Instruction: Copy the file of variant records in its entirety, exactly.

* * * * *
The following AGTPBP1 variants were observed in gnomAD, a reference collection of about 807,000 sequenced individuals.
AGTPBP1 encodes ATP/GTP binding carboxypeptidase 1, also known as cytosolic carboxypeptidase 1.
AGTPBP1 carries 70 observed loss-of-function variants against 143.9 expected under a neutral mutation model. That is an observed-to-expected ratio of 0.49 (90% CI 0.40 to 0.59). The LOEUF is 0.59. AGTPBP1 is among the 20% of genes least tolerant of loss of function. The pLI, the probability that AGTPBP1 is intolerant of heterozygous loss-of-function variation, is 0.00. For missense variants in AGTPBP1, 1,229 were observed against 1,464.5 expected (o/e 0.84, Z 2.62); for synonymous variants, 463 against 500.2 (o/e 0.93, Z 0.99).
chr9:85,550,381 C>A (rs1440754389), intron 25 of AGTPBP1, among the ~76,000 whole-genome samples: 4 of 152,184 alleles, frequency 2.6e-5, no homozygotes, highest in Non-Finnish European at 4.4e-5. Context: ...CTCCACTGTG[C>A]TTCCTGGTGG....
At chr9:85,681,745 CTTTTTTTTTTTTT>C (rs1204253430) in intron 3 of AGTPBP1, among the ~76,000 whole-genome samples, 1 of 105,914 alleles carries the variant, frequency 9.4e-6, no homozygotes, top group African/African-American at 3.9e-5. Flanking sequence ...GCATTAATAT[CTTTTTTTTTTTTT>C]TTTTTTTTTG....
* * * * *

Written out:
The following AGTPBP1 variants were observed in gnomAD, a reference collection of about 807,000 sequenced individuals.
AGTPBP1 encodes ATP/GTP binding carboxypeptidase 1, also known as cytosolic carboxypeptidase 1.
AGTPBP1 carries 70 observed loss-of-function variants against 143.9 expected under a neutral mutation model. That is an observed-to-expected ratio of 0.49 (90% CI 0.40 to 0.59). The LOEUF is 0.59. AGTPBP1 is among the 20% of genes least tolerant of loss of function. The pLI, the probability that AGTPBP1 is intolerant of heterozygous loss-of-function variation, is 0.00. For missense variants in AGTPBP1, 1,229 were observed against 1,464.5 expected (o/e 0.84, Z 2.62); for synonymous variants, 463 against 500.2 (o/e 0.93, Z 0.99).
chr9:85,550,381 C>A (rs1440754389), intron 25 of AGTPBP1, among the ~76,000 whole-genome samples: 4 of 152,184 alleles, frequency 2.6e-5, no homozygotes, highest in Non-Finnish European at 4.4e-5. Context: ...CTCCACTGTG[C>A]TTCCTGGTGG....
At chr9:85,681,745 CTTTTTTTTTTTTT>C (rs1204253430) in intron 3 of AGTPBP1, among the ~76,000 whole-genome samples, 1 of 105,914 alleles carries the variant, frequency 9.4e-6, no homozygotes, top group African/African-American at 3.9e-5. Flanking sequence ...GCATTAATAT[CTTTTTTTTTTTTT>C]TTTTTTTTTG....